This group includes the elements fluorine, chlorine, bromine and iodine. They all possess 7 valence electrons (7 electrons in their outer shell).
The Electronic configuration is shown below:
Elements in this series react by gaining a single electron when they react with metal atoms or share a pair of electrons when they bond with another non-metal. They do this to achieve the stability of closest Nobel gas. For e.g. Fluorine will gain a single electron from a metal atom to achieve a complete outer shell. You may be wondering why they don’t lose electrons similarly to metals in group 1, 2 or 3. The answer is that it is more energetically feasible for them to gain 1 electron vs. lose the 7 electrons in their outer shell.
The ability to gain electrons is called electronegativity. This ability decreases as you move down the group, because electrons are attracted by protons. As the atom gets larger, the further the electrons being attracted are from the nucleus. Since attraction is inversely proportional to distance then the greater the distance, the smaller the attraction. This is why fluorine is more reactive than chlorine.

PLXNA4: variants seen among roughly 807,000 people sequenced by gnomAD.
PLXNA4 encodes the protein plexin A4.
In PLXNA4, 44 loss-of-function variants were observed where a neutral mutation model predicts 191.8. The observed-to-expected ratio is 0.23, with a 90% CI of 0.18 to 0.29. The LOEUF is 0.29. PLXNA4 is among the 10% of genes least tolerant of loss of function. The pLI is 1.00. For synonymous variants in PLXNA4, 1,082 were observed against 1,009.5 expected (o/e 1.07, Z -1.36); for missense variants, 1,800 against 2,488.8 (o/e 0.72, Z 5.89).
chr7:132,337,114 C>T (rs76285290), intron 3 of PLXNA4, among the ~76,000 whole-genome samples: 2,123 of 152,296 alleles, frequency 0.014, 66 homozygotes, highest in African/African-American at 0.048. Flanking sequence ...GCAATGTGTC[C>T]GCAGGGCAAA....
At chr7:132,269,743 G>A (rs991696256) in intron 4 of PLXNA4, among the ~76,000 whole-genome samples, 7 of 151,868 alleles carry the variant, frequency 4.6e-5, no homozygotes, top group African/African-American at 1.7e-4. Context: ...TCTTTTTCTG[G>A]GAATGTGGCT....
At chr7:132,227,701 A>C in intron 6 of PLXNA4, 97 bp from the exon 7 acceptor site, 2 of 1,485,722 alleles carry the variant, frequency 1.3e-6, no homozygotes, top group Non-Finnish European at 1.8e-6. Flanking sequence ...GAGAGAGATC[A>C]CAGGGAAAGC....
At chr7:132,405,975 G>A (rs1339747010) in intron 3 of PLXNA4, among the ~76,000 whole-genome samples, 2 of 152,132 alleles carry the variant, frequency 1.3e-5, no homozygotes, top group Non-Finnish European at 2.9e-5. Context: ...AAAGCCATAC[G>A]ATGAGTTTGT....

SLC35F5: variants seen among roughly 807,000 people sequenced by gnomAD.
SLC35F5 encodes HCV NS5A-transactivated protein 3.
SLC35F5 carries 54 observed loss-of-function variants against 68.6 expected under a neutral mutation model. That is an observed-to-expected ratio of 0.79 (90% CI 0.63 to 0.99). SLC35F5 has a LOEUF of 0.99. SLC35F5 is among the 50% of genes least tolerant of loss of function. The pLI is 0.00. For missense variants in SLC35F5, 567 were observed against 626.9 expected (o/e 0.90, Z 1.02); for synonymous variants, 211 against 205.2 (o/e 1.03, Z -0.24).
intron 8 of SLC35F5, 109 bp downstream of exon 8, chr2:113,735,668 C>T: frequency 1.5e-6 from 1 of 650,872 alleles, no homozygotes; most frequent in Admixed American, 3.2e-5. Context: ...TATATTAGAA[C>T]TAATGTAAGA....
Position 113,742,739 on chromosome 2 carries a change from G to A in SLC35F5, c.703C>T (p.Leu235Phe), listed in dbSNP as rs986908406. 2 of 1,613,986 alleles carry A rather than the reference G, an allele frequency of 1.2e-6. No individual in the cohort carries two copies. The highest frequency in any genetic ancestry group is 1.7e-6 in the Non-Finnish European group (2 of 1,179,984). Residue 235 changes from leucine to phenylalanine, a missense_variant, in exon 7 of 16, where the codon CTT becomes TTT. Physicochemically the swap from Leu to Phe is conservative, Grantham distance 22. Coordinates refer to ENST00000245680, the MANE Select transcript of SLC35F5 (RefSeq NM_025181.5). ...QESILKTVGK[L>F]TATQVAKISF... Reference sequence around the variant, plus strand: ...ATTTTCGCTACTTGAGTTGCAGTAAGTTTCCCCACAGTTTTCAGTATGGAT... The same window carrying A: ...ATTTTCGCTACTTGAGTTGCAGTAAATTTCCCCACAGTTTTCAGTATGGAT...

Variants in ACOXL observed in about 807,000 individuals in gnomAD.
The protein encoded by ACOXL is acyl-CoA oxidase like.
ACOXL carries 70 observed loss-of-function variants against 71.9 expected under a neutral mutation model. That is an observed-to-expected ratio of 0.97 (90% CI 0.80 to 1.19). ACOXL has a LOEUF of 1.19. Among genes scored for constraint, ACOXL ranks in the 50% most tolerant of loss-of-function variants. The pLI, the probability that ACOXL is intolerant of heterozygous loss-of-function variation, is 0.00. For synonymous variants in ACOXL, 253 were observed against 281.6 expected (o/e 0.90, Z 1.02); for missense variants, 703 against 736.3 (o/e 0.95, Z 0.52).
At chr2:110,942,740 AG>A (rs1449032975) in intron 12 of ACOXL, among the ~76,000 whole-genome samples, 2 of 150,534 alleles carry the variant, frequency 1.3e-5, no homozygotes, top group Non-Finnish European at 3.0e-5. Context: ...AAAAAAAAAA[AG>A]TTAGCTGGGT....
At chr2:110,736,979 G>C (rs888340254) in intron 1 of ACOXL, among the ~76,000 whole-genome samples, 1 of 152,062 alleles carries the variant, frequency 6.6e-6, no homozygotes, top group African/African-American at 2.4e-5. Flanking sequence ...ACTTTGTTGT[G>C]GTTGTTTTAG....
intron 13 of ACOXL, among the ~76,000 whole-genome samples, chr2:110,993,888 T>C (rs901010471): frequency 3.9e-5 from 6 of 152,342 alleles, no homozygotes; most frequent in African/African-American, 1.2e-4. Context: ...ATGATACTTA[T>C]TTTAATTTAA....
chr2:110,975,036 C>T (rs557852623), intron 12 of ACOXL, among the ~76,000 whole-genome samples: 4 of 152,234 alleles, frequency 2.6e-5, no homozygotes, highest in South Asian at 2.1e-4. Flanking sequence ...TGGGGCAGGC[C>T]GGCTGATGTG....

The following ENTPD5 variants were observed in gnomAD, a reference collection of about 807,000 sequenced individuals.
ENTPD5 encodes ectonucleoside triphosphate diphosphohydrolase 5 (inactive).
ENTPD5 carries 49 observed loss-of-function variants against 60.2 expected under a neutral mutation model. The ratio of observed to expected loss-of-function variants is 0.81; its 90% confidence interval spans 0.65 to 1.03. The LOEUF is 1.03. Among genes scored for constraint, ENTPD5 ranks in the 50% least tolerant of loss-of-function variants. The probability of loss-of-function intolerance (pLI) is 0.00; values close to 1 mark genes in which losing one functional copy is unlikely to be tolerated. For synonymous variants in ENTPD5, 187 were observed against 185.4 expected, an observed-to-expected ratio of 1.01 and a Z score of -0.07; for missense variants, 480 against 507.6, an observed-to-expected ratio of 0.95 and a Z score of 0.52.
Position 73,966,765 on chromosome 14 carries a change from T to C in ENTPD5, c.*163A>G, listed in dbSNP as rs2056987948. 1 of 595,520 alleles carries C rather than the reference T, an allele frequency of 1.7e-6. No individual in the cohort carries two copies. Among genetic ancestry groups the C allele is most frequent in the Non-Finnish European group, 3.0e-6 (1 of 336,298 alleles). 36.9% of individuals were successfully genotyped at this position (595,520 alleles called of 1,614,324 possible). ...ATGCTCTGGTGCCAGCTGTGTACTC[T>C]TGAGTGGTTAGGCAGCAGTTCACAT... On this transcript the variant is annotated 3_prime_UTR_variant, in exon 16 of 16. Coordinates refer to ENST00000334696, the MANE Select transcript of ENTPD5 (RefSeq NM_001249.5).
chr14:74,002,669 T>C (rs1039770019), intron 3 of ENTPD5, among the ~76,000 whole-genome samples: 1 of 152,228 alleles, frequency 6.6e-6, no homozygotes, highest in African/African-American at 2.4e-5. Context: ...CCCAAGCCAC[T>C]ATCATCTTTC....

The order of reactivity increases with reduced size for non metal elements, the opposite is true for metals in group 1-3.
The order of reaction for the group 7 elements is shown below:
Fluorine> Chlorine > Bromine > Iodine
As stated before non-metals may form bonds with other non-metals. This is done by means of a covalent bond. Covalent bonds are formed by the sharing of electrons by non-metal atoms. This is similar to what happens in group 7 elements since these elements are non-metal. They form covalent bonds with other non-metals atoms or with themselves (forming diatoms). You may be wondering how these atoms are able to bond with themselves. We are aware that covalent bonding is a concept that many students have a problem in understanding as such, we will take special consideration when explaining this. For now keep in mind that many non metal elements including group 7 elements are found naturally as diatoms. E.g. Fl2, Cl2, Br2 and I2